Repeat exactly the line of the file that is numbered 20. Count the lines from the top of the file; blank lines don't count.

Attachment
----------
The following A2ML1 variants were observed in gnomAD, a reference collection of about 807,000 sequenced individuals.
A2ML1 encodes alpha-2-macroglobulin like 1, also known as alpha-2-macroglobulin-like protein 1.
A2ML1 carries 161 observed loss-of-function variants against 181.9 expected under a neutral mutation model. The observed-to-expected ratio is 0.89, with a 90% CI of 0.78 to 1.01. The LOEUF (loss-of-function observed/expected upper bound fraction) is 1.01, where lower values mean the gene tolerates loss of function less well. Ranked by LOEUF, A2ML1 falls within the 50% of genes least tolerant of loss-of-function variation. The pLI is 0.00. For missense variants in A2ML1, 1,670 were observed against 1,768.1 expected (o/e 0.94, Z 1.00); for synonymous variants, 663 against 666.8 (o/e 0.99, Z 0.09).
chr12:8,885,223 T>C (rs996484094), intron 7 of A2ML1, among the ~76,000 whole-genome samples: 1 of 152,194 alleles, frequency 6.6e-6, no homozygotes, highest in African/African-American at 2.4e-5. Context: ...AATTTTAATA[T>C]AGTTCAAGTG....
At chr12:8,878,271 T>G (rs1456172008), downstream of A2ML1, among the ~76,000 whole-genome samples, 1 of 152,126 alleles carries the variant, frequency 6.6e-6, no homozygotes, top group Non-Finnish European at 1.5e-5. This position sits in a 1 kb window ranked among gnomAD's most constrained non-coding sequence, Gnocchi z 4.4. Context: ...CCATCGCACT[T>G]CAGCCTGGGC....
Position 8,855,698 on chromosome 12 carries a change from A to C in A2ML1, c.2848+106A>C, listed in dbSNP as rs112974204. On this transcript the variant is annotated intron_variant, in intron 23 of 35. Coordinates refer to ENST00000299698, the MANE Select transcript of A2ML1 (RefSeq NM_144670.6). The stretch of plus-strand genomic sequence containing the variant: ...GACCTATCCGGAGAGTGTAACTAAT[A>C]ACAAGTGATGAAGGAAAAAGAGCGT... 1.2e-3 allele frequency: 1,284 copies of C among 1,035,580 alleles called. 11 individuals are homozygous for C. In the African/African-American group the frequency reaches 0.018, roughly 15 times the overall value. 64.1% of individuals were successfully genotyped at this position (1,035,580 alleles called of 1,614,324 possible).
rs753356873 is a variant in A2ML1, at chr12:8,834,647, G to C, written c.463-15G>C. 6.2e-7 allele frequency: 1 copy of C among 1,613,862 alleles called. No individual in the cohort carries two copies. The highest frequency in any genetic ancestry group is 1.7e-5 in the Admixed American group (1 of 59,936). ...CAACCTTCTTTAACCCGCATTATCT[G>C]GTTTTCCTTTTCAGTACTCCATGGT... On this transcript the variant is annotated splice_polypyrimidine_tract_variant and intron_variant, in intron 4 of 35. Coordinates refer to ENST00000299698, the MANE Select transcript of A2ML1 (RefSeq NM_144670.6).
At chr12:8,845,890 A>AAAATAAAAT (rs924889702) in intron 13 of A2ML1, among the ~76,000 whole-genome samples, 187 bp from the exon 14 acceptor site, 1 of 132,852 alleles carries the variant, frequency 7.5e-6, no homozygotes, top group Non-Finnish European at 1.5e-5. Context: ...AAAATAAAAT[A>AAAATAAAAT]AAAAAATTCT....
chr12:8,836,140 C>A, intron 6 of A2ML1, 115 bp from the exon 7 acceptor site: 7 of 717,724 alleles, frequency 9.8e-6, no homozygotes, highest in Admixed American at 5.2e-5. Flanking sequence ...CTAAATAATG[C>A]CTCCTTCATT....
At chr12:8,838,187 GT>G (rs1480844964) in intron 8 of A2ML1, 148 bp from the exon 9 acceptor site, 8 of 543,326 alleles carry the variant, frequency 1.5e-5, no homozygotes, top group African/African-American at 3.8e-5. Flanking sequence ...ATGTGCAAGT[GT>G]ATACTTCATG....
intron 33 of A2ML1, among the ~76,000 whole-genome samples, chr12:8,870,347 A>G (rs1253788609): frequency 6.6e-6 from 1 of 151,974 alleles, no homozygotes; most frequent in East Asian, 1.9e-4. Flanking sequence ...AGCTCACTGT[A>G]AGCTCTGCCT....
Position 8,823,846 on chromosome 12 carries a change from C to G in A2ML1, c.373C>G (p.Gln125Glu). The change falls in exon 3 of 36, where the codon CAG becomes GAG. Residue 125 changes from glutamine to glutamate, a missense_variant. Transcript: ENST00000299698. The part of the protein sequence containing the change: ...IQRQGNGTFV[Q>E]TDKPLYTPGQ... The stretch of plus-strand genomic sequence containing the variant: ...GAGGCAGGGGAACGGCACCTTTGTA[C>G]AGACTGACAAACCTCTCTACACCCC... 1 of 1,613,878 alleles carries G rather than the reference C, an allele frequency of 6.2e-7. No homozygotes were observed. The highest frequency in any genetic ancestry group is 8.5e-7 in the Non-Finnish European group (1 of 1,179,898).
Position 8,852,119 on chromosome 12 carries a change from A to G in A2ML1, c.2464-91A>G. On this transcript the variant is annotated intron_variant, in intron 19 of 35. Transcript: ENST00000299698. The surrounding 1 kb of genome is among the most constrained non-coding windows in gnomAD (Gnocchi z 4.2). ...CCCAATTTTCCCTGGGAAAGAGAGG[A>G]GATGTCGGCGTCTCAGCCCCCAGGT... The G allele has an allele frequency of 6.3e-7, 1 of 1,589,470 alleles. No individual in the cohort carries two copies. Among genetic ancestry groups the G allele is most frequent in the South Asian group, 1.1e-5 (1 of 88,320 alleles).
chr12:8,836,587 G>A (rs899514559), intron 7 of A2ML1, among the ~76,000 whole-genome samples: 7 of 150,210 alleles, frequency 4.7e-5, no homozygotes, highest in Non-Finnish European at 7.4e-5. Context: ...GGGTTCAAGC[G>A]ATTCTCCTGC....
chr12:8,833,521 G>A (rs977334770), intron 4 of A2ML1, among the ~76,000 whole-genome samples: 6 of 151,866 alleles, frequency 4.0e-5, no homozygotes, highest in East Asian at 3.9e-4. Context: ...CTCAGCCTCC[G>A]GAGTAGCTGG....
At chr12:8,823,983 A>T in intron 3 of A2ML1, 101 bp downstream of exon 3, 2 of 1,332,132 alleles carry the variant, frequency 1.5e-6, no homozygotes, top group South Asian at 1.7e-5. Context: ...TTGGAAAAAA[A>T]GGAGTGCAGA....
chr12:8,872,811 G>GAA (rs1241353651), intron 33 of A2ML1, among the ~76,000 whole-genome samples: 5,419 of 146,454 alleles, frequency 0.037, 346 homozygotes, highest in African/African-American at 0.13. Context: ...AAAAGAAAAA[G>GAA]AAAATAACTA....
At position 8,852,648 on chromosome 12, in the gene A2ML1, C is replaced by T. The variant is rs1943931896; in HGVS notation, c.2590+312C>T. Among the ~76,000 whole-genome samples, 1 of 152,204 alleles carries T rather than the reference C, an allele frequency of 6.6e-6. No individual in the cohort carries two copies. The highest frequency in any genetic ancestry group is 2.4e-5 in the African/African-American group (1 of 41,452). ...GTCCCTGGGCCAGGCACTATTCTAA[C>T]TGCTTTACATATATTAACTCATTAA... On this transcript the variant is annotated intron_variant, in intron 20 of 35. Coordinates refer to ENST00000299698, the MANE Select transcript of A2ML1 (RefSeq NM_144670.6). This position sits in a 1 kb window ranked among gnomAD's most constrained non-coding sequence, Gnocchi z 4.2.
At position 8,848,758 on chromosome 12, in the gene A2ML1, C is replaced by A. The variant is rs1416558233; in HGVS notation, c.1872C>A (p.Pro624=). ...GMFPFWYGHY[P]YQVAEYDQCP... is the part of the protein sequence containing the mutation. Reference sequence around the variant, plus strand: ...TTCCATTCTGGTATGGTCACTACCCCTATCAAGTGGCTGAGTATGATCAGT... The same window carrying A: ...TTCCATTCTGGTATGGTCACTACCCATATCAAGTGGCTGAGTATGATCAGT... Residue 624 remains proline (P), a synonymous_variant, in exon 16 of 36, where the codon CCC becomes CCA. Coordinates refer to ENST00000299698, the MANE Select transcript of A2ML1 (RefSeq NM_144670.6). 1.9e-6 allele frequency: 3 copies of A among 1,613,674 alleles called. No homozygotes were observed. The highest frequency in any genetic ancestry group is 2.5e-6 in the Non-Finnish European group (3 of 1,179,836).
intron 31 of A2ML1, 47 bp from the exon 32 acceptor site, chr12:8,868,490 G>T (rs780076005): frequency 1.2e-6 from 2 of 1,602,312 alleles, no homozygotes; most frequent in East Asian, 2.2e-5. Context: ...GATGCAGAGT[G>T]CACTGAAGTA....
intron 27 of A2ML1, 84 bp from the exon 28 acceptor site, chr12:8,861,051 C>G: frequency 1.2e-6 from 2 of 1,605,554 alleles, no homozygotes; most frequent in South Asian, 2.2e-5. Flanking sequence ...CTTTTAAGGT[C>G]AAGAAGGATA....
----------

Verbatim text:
intron 31 of A2ML1, 47 bp from the exon 32 acceptor site, chr12:8,868,490 G>T (rs780076005): frequency 1.2e-6 from 2 of 1,602,312 alleles, no homozygotes; most frequent in East Asian, 2.2e-5. Context: ...GATGCAGAGT[G>T]CACTGAAGTA....